David Cameron in France to sign nuclear power deal

Cameron Oct 2010 Picnik.jpg

British prime minister David Cameron is meeting Nicolas Sarkozy on Friday (17 February) to cement a £500 million (€602 million) agreement on civilian nuclear co-operation that is expected to create more than 1,500 jobs in Britain.

Britain and France are to sign a landmark agreement to co-operate on civil nuclear energy, paving the way for the construction of a new generation of power plants in the UK.

Deals between British and French companies – worth more than £500m (€602m) – will allow work to start on new facilities, creating more than 1,500 jobs.

The prime minister, David Cameron, who is in Paris to meet the French president, Nicolas Sarkozy, to seal the deal, said the agreements were "just the beginning" of investment the government says could be worth £60bn (€72.3bn) and create 30,000 jobs.

A joint declaration to be signed by the two leaders at a UK-France summit will signal a shared commitment to civil nuclear power, establishing a framework for co-operation on security, research and development, education and training.

The unrest in Syria, defence and concerns over Iran's possible ambitions for nuclear weapons will also be high on the agenda.

Sarkozy announced this week that he will stand for re-election in presidential elections to be held on 22 April and 6 May, with polls suggesting he is trailing his Socialist rival, François Hollande.

Downing Street said that by joining forces in the nuclear sector, Britain and France sould develop a competitive supply chain capable of seizing opportunities around the world.

Rolls-Royce will sign a £400m (€482m) deal with the French energy company Areva to supply services to the first EPR reactor at Hinkley Point in Somerset, with a commitment for future EPR sites in the UK.

Rolls-Royce will build a dedicated factory in Rotherham, and the deal will underpin more than 1,200 jobs in the company and its supply chain.

The French company EDF will conclude a £100m (€120.5m) agreement with Keir/BAM Nuttall for preliminary works at Hinkley Point – the first major construction project to be awarded in the £10bn project. EDF will invest in a £15m (€18.07m) training campus in nearby Bridgwater.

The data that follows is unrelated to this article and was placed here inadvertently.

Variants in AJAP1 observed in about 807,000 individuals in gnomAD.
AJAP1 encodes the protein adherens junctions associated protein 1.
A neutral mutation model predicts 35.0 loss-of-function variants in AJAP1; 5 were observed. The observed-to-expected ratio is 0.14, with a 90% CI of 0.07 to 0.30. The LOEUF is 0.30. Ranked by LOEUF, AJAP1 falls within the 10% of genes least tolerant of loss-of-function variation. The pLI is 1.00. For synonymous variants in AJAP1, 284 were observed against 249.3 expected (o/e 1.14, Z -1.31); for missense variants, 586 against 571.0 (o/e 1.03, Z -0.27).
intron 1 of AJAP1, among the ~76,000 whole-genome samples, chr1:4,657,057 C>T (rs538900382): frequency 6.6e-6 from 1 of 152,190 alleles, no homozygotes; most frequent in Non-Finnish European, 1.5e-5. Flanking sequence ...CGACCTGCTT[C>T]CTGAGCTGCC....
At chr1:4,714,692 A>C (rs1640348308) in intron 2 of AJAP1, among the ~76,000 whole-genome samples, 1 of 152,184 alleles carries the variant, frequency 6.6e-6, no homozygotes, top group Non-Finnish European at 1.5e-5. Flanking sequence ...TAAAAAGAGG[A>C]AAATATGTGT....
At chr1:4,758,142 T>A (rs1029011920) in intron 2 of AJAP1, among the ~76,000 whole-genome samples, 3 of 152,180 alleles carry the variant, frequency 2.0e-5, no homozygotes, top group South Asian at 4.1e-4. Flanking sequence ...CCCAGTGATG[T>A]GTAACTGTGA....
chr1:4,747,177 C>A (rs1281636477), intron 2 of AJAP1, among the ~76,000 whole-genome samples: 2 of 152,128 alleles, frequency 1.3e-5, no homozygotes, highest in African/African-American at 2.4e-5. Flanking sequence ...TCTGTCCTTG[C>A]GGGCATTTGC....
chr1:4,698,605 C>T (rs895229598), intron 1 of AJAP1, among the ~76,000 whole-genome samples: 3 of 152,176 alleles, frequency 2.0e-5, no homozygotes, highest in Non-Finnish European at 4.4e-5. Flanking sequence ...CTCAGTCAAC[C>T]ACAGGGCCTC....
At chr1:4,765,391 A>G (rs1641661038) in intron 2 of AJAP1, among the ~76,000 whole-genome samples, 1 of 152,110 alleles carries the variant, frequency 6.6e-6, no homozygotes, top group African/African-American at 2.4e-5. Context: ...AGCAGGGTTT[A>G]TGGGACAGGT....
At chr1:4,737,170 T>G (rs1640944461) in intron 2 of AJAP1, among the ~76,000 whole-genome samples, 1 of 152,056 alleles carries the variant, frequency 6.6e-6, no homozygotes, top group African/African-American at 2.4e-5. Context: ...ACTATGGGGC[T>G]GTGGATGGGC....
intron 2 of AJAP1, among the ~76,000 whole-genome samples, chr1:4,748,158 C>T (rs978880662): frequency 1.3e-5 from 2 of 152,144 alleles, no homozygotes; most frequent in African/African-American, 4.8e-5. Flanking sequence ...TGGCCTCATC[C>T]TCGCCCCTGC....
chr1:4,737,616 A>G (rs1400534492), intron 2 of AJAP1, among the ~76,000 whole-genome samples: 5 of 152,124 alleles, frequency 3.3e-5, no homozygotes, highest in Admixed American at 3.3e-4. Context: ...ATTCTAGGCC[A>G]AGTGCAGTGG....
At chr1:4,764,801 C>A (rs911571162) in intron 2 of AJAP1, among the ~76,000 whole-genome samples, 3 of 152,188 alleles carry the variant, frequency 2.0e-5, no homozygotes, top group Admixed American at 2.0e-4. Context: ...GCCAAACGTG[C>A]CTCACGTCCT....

Speaking ahead of the meeting, Cameron said: "At our last summit, we signed a historic partnership on defence. Today we will match that ambition on nuclear energy.

"The deals signed today will create more than 1,500 jobs in the UK, but they are just the beginning.

"I want the vast majority of the content of our new nuclear plants to be constructed, manufactured and engineered by British companies. And we will choose the partners and technologies to maximise the economic benefits to the UK. Today marks an important first step towards that – a good deal for Britain and a good deal for France."

The energy secretary, Ed Davey, travelling to Paris with Cameron a fortnight after his promotion to the cabinet, said: "We need hundreds of billions of pounds of investment in clean energy projects in the UK. This will bring high-skilled job opportunities the length and breadth of the country.

"There are plans for new nuclear in Somerset, Suffolk, Cumbria, North Wales and Gloucestershire. Supply chains will spring up too, and extend the reach of economic benefit across the country."

The summit comes on the first anniversary of the uprising against Muammar Gaddafi in Libya, which saw the UK and France work closely together in the UN-backed military operation to protect civilians.

Cameron said: "One year on from the Libya uprising, we are working together to stand up to the murderous Syrian regime and to stop a nuclear weapon in the hands of Iran."

According to the World Nuclear Association, many countries with existing nuclear power programmes have plans to build new power reactors beyond those now under construction.

In all, over 155 reactors with a total net capacity of some 175,000 MWe are planned and over 320 more are proposed.

Rising gas prices and greenhouse constraints on coal, coupled with energy security concerns, have combined to put nuclear power back on the agenda for projected new capacity in both Europe and North America.

Romania's second power reactor started up in 2007, and plans are being implemented for two further Canadian units to operate by 2017.

Slovakia is completing two 470 MWe units at Mochovce, to operate from 2011-12.

Bulgaria is planning to start building two 1000 MWe Russian reactors at Belene.

Poland is planning some nuclear power capacity, and may also join a project in Lithuania, along with Estonia and Latvia.

In Finland, construction is now under way on a fifth, very large reactor which will come on line in 2012, and plans are firming for another large one to follow it.

Turkey plans to start constructing a nuclear power station in 2014.

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